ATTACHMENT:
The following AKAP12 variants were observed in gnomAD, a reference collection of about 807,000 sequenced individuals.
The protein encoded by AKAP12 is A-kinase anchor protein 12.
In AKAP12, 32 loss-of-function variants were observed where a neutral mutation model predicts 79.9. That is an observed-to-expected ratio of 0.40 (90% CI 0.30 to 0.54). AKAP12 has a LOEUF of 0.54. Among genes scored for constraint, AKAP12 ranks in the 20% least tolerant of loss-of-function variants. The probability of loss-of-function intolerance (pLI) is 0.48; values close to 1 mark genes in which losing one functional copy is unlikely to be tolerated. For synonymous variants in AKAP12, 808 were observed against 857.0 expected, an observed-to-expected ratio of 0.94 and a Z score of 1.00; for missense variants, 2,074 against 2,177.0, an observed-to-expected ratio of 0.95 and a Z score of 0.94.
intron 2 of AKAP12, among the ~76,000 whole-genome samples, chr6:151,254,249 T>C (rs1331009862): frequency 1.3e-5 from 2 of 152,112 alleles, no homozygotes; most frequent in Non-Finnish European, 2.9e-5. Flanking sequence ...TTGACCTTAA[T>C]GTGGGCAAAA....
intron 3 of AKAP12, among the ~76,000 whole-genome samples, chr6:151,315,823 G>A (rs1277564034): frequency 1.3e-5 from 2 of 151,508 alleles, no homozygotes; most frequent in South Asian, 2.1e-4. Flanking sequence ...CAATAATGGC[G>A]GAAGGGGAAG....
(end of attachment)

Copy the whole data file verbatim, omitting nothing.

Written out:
The following AKAP12 variants were observed in gnomAD, a reference collection of about 807,000 sequenced individuals.
The protein encoded by AKAP12 is A-kinase anchor protein 12.
In AKAP12, 32 loss-of-function variants were observed where a neutral mutation model predicts 79.9. That is an observed-to-expected ratio of 0.40 (90% CI 0.30 to 0.54). AKAP12 has a LOEUF of 0.54. Among genes scored for constraint, AKAP12 ranks in the 20% least tolerant of loss-of-function variants. The probability of loss-of-function intolerance (pLI) is 0.48; values close to 1 mark genes in which losing one functional copy is unlikely to be tolerated. For synonymous variants in AKAP12, 808 were observed against 857.0 expected, an observed-to-expected ratio of 0.94 and a Z score of 1.00; for missense variants, 2,074 against 2,177.0, an observed-to-expected ratio of 0.95 and a Z score of 0.94.
intron 2 of AKAP12, among the ~76,000 whole-genome samples, chr6:151,254,249 T>C (rs1331009862): frequency 1.3e-5 from 2 of 152,112 alleles, no homozygotes; most frequent in Non-Finnish European, 2.9e-5. Flanking sequence ...TTGACCTTAA[T>C]GTGGGCAAAA....
intron 3 of AKAP12, among the ~76,000 whole-genome samples, chr6:151,315,823 G>A (rs1277564034): frequency 1.3e-5 from 2 of 151,508 alleles, no homozygotes; most frequent in South Asian, 2.1e-4. Flanking sequence ...CAATAATGGC[G>A]GAAGGGGAAG....